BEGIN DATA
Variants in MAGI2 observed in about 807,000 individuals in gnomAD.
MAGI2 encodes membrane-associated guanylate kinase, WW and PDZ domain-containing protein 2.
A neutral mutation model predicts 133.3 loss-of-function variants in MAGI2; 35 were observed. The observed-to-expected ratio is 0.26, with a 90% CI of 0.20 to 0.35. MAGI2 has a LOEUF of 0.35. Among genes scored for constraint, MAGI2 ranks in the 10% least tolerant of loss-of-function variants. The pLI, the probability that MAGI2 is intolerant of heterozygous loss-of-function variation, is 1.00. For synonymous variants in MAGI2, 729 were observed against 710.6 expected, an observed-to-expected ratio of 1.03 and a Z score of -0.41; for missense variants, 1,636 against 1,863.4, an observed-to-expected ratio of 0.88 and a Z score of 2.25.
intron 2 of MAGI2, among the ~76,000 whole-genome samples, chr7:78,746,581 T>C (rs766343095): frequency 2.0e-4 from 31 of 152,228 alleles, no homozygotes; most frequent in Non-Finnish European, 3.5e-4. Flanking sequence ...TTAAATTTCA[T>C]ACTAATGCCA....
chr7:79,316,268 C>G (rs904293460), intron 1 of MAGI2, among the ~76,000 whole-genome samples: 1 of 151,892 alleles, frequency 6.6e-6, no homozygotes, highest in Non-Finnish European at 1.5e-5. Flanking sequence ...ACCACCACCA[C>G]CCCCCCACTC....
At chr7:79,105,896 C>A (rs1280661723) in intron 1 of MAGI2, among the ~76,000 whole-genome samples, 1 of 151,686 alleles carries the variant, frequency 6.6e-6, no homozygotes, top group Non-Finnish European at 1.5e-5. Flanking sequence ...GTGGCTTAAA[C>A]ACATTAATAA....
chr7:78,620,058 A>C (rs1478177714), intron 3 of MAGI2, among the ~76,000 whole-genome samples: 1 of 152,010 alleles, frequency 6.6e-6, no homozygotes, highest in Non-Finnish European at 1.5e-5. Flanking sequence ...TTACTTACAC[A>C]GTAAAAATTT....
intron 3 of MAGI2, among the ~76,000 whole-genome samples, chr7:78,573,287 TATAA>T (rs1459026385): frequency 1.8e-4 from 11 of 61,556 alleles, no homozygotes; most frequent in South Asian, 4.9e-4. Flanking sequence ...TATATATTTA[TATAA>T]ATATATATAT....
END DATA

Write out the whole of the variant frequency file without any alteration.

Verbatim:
Variants in MAGI2 observed in about 807,000 individuals in gnomAD.
MAGI2 encodes membrane-associated guanylate kinase, WW and PDZ domain-containing protein 2.
A neutral mutation model predicts 133.3 loss-of-function variants in MAGI2; 35 were observed. The observed-to-expected ratio is 0.26, with a 90% CI of 0.20 to 0.35. MAGI2 has a LOEUF of 0.35. Among genes scored for constraint, MAGI2 ranks in the 10% least tolerant of loss-of-function variants. The pLI, the probability that MAGI2 is intolerant of heterozygous loss-of-function variation, is 1.00. For synonymous variants in MAGI2, 729 were observed against 710.6 expected, an observed-to-expected ratio of 1.03 and a Z score of -0.41; for missense variants, 1,636 against 1,863.4, an observed-to-expected ratio of 0.88 and a Z score of 2.25.
intron 2 of MAGI2, among the ~76,000 whole-genome samples, chr7:78,746,581 T>C (rs766343095): frequency 2.0e-4 from 31 of 152,228 alleles, no homozygotes; most frequent in Non-Finnish European, 3.5e-4. Flanking sequence ...TTAAATTTCA[T>C]ACTAATGCCA....
chr7:79,316,268 C>G (rs904293460), intron 1 of MAGI2, among the ~76,000 whole-genome samples: 1 of 151,892 alleles, frequency 6.6e-6, no homozygotes, highest in Non-Finnish European at 1.5e-5. Flanking sequence ...ACCACCACCA[C>G]CCCCCCACTC....
At chr7:79,105,896 C>A (rs1280661723) in intron 1 of MAGI2, among the ~76,000 whole-genome samples, 1 of 151,686 alleles carries the variant, frequency 6.6e-6, no homozygotes, top group Non-Finnish European at 1.5e-5. Flanking sequence ...GTGGCTTAAA[C>A]ACATTAATAA....
chr7:78,620,058 A>C (rs1478177714), intron 3 of MAGI2, among the ~76,000 whole-genome samples: 1 of 152,010 alleles, frequency 6.6e-6, no homozygotes, highest in Non-Finnish European at 1.5e-5. Flanking sequence ...TTACTTACAC[A>C]GTAAAAATTT....
intron 3 of MAGI2, among the ~76,000 whole-genome samples, chr7:78,573,287 TATAA>T (rs1459026385): frequency 1.8e-4 from 11 of 61,556 alleles, no homozygotes; most frequent in South Asian, 4.9e-4. Flanking sequence ...TATATATTTA[TATAA>T]ATATATATAT....